History of Stevenson University

University Timeline


Villa Julie College is founded by the Sisters of Notre Dame de Namur at "Seven Oaks," an 80-acre estate in Greenspring Valley, formerly the home of the George Carrell Jenkins family. The college opened its doors on Oct. 1, specializing in medical-secretarial training.


Official approval as a two-year college is granted by the Maryland State Department of Education. In that same year, a new classroom facility, Founder's Hall, is opened.


The college receives Maryland state approval for a child development program and for transfer programs in the arts and sciences as well as teacher education. Shortly thereafter, the college is granted an "A" rating for transferability of credits by the American Association of Collegiate Registrars and Admissions Officers.


Villa Julie becomes an independent institution that is no longer affiliated with the Catholic Church. Control is vested in a newly formed Board of Trustees comprised of business, civic, and professional leaders.


In response to increasing enrollment, the college builds a multi-million dollar complex consisting of an art wing, learning resource center, and student center. Evening and summer sessions are inaugurated this same year.


Villa Julie becomes co-educational, admitting its first full-time male student.


Villa Julie became a four-year college offering the bachelor’s degree in computer information systems.


While the college continued to offer two-year programs, the student body and faculty continued to grow. Academic offerings were augmented to include new majors and programs that provided a wider choice of professional career possibilities and supported the changing requirements of the business and professional communities in the region. The concept of career education combined with the liberal arts became a hallmark of the College’s philosophy, Pro Discendo, Pro Vivendo: For Learning, For Living.


The Middle States Association reaffirmed the college’s accreditation, this time as a four-year college offering bachelor’s and associate’s degrees.


A cooperative education program was initiated for junior and senior students, making it possible for them to experience firsthand a working environment directly related to their fields of study.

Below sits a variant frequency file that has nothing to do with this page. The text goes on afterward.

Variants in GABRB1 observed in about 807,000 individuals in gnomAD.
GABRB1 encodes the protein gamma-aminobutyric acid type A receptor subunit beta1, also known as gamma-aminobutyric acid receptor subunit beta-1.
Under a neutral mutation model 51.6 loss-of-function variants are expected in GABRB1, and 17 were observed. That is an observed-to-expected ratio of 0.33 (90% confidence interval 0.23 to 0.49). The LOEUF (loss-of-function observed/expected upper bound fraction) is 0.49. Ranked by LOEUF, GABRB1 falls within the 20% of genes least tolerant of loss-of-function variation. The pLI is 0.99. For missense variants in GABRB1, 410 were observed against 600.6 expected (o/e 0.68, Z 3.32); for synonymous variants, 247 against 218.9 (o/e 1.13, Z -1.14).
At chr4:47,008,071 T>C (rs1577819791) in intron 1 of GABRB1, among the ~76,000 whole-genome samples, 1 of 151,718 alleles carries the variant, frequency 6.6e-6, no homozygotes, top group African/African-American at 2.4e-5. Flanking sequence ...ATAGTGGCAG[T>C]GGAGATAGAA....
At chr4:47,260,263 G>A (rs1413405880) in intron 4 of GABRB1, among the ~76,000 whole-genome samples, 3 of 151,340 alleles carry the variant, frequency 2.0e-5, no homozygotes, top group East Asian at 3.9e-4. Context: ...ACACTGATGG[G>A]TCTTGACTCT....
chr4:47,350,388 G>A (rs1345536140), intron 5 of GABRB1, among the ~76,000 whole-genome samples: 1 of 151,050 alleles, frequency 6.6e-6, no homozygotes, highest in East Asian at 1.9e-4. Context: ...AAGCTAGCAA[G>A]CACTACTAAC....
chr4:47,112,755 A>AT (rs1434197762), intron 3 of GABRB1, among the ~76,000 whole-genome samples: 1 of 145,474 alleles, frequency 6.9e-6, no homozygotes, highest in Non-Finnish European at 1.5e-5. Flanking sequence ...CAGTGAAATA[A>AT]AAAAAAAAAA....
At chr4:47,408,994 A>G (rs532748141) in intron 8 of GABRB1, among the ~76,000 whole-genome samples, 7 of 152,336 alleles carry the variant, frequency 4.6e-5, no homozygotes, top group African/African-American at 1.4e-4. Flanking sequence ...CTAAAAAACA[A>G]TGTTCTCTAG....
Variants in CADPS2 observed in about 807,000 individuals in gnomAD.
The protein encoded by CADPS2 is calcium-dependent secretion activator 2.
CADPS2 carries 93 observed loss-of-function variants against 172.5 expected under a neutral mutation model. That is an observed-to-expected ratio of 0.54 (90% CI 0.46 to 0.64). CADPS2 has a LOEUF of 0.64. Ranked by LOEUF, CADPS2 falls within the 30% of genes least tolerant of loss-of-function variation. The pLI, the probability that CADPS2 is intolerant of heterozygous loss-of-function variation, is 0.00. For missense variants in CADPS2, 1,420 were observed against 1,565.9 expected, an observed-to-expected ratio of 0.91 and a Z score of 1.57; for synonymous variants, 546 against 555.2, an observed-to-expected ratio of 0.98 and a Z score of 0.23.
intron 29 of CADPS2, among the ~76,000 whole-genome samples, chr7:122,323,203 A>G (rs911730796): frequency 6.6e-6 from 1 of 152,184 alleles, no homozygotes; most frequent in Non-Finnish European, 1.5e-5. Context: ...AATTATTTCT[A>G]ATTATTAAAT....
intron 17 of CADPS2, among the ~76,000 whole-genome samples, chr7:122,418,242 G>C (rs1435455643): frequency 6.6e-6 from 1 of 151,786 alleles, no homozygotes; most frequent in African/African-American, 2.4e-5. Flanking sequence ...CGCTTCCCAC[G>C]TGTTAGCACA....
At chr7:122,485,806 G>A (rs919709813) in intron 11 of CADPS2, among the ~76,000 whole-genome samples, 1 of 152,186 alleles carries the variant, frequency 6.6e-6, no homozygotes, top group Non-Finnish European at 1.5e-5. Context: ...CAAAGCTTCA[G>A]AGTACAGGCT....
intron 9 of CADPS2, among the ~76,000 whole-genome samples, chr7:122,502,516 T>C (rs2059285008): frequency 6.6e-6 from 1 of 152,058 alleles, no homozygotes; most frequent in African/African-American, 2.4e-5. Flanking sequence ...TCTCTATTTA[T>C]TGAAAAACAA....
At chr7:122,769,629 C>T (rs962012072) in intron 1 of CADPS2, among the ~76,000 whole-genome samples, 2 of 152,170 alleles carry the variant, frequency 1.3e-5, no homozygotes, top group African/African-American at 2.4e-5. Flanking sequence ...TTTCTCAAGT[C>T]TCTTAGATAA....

Off-campus housing for students in garden-type apartments was opened a short distance from the college. The cooperative education program was also expanded and opened to all students in the baccalaureate programs. 1994 The college was awarded membership in NCAA Division III. 1995 The college began the first phase of the construction of an Academic Center, Inscape Theatre, Student Union and gymnasium, and Science Center. The college was awarded membership in NCAA Division III.


The college began the first phase of the construction of an Academic Center, Inscape Theatre, Student Union and gymnasium, and Science Center.


The Maryland State Department of Education (MSDE) granted approval for programs for the preparation of elementary and early childhood teachers. This was the first Maryland education program that fulfilled the new state MSDE requirements for teacher education.


The college celebrated its 50th anniversary. The Academic Center, Inscape Theatre, and Art Gallery opened in August, and in November, the Student Union and gymnasium opened.


A new bachelor’s degree program in visual communication design was approved by MHEC.


President Carolyn Manuszak and Dean Rose Dawson retired with a combined 65 years of service to Villa Julie College.


The new decade brought the inauguration of Villa Julie's fifth President, Kevin J. Manning, Ph.D. 


New master’s programs in business technology management and e-commerce were approved by MHEC. 


The School of Graduate and Professional Studies was created to accommodate the needs of adult learners. Through this school, adult students could enroll in master’s degree programs, evening/weekend bachelor’s degree programs, or accelerated bachelor’s degree programs. Additionally, the college began offering an accelerated B.S. to M.S. degree in advanced information technology, enabling students to earn both a bachelor’s and a master’s degree in five years.